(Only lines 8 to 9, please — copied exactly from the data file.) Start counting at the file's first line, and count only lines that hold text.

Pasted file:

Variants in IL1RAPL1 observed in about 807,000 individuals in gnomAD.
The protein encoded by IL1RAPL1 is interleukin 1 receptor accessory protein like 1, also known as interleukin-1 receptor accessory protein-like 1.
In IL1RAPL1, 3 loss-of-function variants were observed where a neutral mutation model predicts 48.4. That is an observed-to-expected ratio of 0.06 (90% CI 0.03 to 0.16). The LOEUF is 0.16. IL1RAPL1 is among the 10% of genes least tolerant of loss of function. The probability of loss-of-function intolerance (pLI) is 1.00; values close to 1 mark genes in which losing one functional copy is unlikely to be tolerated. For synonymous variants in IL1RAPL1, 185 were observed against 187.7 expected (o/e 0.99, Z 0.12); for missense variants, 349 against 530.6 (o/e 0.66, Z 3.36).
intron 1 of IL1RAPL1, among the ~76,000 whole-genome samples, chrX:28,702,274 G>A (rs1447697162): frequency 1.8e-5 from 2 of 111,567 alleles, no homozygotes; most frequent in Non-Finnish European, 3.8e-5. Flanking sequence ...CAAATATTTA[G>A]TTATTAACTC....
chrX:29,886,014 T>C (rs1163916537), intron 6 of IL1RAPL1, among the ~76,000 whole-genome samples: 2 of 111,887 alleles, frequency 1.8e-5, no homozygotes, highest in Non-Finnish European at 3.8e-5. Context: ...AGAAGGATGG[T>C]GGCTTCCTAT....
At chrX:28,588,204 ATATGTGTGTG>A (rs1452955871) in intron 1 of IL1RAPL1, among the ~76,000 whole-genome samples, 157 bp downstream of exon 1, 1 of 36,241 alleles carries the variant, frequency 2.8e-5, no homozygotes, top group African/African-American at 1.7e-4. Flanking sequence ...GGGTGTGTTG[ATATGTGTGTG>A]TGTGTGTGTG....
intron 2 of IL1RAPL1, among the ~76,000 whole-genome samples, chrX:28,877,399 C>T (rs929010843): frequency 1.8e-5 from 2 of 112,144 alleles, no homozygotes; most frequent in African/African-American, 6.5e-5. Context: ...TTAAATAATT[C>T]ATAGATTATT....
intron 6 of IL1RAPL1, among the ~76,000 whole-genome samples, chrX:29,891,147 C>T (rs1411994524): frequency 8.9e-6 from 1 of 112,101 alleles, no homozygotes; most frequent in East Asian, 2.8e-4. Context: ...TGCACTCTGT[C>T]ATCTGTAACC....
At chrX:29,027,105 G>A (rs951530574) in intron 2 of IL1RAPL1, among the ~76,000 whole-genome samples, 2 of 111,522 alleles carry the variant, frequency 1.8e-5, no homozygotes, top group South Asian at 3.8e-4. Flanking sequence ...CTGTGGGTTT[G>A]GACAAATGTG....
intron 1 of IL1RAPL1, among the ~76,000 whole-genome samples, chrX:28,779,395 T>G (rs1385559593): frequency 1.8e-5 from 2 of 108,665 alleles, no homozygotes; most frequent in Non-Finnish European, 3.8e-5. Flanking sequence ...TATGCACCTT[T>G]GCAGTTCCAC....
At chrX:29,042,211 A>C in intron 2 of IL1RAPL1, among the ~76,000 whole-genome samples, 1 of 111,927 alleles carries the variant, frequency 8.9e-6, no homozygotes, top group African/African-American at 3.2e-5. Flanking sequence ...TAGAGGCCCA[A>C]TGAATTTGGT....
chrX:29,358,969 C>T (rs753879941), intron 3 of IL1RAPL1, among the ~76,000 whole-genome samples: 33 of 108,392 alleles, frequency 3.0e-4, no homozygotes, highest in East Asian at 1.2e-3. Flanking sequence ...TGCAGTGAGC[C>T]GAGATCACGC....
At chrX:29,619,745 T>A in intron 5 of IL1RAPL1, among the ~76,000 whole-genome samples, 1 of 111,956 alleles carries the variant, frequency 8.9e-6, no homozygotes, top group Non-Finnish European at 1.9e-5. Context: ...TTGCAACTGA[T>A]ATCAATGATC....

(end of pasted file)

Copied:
intron 6 of IL1RAPL1, among the ~76,000 whole-genome samples, chrX:29,891,147 C>T (rs1411994524): frequency 8.9e-6 from 1 of 112,101 alleles, no homozygotes; most frequent in East Asian, 2.8e-4. Context: ...TGCACTCTGT[C>T]ATCTGTAACC....
At chrX:29,027,105 G>A (rs951530574) in intron 2 of IL1RAPL1, among the ~76,000 whole-genome samples, 2 of 111,522 alleles carry the variant, frequency 1.8e-5, no homozygotes, top group South Asian at 3.8e-4. Flanking sequence ...CTGTGGGTTT[G>A]GACAAATGTG....